Why Security Pros Need to Escape the Cyber Bubble

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“Insanity is doing the same thing over and over again and expecting different results”.

A quote often attributed to Albert Einstein, but there’s some doubt about that. Nevertheless, it’s absolutely correct and applies to our beloved information security community.

If you spend even a small amount of time on ‘infosec social media’, be it Twitter, LinkedIn, Mastodon or whatever, you’ll notice that certain patterns emerge. Mostly they’re around debates being endlessly recycled year in, year out.

Here are just a handful of examples:

  • What is the right thing to do about user account management?
  • How do we manage the lifecycle of technology (read patching, getting rid of technical debt and stuff like that)?
  • What’s happening with the supply chain?
  • Social media app use, is it appropriate or safe for public servants?

Basically, all of that and every other circular argument that consumes professionals’ time and energy to debate.

Add to the list things like end-to-end encryption (E2EE) and data incident management and frankly the list becomes pretty lengthy.

I won’t unpack every example mentioned above, because this will cease to be a blog post and become an academic paper or a collection of more words than the good folks at Infosecurity Magazine can be bothered to proof, let alone you read.

Questions We Know the Answers To

I will however make some general points. Here goes.

How long is it since we all agreed that password management for most online services people consumer is inadequate? How long is it since we all agreed that multi-factor authentication (MFA) is a must, as a component of helping keep your online accounts free from compromise?

How long is it since we all agreed that using a password manager was a good idea, in order to create strong and unique secrets that unlock our digital personas?

How long is it since we last saw a social media pile on when a well-known corporate entity had its data encrypted and also looted by a bad actor?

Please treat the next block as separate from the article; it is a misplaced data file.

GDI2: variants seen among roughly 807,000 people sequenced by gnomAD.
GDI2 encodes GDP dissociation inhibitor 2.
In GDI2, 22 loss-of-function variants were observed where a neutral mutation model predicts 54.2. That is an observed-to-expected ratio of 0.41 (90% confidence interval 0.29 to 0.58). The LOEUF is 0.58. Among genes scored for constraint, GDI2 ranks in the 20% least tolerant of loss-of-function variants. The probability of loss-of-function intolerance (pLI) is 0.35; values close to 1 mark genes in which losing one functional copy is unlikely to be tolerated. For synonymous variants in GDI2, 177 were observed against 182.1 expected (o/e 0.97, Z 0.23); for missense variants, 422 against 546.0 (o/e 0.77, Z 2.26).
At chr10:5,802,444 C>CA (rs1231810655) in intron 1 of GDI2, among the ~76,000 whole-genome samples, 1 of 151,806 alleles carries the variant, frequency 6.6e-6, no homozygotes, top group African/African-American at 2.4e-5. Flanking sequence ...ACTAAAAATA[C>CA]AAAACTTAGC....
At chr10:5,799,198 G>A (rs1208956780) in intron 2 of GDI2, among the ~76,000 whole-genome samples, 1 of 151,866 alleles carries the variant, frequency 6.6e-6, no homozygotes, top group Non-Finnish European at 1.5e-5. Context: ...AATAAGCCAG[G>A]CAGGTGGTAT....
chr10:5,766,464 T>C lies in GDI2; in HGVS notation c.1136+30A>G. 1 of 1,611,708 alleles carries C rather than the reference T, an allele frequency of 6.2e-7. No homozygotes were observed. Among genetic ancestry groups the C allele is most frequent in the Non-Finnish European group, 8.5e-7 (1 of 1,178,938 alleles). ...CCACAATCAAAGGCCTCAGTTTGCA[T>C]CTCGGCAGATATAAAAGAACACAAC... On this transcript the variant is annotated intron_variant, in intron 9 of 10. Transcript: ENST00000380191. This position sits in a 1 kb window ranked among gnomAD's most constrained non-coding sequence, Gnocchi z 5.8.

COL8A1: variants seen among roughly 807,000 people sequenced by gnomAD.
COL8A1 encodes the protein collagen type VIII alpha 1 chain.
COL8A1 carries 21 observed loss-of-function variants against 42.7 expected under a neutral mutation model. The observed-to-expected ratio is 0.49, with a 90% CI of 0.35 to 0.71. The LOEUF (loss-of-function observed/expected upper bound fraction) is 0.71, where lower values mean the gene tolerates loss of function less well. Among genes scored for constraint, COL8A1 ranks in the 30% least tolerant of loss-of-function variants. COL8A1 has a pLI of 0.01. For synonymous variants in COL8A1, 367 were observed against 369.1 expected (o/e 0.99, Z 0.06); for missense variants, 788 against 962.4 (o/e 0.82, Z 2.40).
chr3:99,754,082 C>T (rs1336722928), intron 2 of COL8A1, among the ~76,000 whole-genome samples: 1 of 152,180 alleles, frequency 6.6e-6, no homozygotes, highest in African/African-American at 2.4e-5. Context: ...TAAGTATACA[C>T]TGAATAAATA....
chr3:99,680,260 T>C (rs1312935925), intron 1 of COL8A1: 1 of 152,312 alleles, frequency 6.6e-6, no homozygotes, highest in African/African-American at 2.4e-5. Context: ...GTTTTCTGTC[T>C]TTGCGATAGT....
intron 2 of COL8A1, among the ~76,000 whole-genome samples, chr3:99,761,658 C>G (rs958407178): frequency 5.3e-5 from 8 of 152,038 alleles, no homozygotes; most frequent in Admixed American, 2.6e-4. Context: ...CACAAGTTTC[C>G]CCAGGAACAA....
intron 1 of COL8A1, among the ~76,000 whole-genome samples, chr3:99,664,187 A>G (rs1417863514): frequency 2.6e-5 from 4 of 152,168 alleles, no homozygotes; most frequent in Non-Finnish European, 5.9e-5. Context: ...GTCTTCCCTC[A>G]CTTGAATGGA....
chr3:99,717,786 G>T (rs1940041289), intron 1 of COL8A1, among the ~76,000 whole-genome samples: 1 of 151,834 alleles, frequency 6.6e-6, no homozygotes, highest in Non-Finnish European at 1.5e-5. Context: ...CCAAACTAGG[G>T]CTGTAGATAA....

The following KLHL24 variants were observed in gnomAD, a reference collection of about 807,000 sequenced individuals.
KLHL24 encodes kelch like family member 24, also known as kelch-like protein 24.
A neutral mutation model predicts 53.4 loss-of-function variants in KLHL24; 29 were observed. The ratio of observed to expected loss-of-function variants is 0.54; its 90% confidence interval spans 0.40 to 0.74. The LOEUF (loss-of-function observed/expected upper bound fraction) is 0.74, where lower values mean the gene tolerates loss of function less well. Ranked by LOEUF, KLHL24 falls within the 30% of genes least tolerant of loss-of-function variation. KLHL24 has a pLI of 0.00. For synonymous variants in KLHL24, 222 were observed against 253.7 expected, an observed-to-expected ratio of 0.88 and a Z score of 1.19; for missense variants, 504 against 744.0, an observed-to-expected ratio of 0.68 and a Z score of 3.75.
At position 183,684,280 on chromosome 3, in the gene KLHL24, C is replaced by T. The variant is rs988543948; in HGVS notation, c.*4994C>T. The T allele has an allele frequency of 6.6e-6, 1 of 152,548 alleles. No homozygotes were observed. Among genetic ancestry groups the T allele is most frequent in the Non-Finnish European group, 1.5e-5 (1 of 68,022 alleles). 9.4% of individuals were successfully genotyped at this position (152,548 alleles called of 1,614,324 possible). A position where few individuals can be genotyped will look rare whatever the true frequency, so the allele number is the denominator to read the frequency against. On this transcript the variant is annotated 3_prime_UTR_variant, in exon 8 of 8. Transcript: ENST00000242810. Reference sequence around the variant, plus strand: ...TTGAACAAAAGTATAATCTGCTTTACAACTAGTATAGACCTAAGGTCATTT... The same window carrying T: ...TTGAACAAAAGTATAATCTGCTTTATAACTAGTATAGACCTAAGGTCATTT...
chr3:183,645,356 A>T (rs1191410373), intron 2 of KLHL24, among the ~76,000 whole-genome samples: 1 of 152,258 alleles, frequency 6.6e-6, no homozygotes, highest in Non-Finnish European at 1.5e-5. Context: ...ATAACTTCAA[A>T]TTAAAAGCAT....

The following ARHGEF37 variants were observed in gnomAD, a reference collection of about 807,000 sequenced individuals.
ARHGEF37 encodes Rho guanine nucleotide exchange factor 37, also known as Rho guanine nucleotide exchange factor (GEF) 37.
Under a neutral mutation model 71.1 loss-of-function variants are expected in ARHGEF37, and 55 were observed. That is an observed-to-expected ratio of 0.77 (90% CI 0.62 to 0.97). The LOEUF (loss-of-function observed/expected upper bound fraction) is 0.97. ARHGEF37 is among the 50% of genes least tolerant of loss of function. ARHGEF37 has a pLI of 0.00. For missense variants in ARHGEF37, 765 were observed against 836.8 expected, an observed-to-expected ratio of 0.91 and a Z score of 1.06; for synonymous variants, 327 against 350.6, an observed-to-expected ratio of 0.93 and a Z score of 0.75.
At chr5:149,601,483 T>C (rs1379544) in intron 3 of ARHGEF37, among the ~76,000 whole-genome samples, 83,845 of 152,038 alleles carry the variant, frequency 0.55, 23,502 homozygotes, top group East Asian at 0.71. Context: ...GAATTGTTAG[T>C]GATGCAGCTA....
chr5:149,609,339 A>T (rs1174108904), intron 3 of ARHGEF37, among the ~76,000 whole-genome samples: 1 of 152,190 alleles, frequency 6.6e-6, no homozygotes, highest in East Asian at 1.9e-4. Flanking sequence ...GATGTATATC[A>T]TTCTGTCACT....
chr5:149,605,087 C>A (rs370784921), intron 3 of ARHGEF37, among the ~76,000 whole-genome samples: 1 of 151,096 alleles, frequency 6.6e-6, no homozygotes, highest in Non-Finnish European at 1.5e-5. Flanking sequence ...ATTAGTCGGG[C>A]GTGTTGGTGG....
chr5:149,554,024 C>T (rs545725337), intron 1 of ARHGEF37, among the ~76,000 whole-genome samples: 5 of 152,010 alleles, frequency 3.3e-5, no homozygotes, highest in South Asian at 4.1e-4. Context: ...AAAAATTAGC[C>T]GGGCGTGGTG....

The answer to all bar the latter question is ‘years ago’.

The reason for that is increasingly because we’re learning one massively important thing. Compromise is a when and not an if. That’s helpful, as it aids in quelling the bizarre glee that historically ensued when a big-ticket firm had a particularly bad day and ‘infosec social media’ danced around that fire.

Many now understand that and worry about the thought of “is it me and my company next?” It’s great for the constitution, but importantly great for risk reduction both personally and, in the enterprise, as it focusses effort on the materially important things to deal with.

The Cyber Bubble

My point takes us back to the circular arguments and the phenomenon that is the ‘cyber bubble’.

“Bubble, you say?” Yeah, bubble. We spend a lot of time in this industry arguing and throwing conjecture around, but also, we often agree. There are many Twitter polls out there that suggest so.

The problem is this: When we do agree, we just circle back round and round to the same debate and then either agree again or disagree for reasons such as a ‘luminary’ with 100K+ social followers has an opposing view, and their ‘workers’ join the rebellion.

The challenge is that when we do agree and are able to quash the rebellions in favour of an overwhelming consensus, we often don’t enact or promote that it to the extent that it makes its mark on the people we need it to – the architects, the designers, the builders and of course the users.

Everything in life that is repeatable should be automated, but that excludes mistakes.

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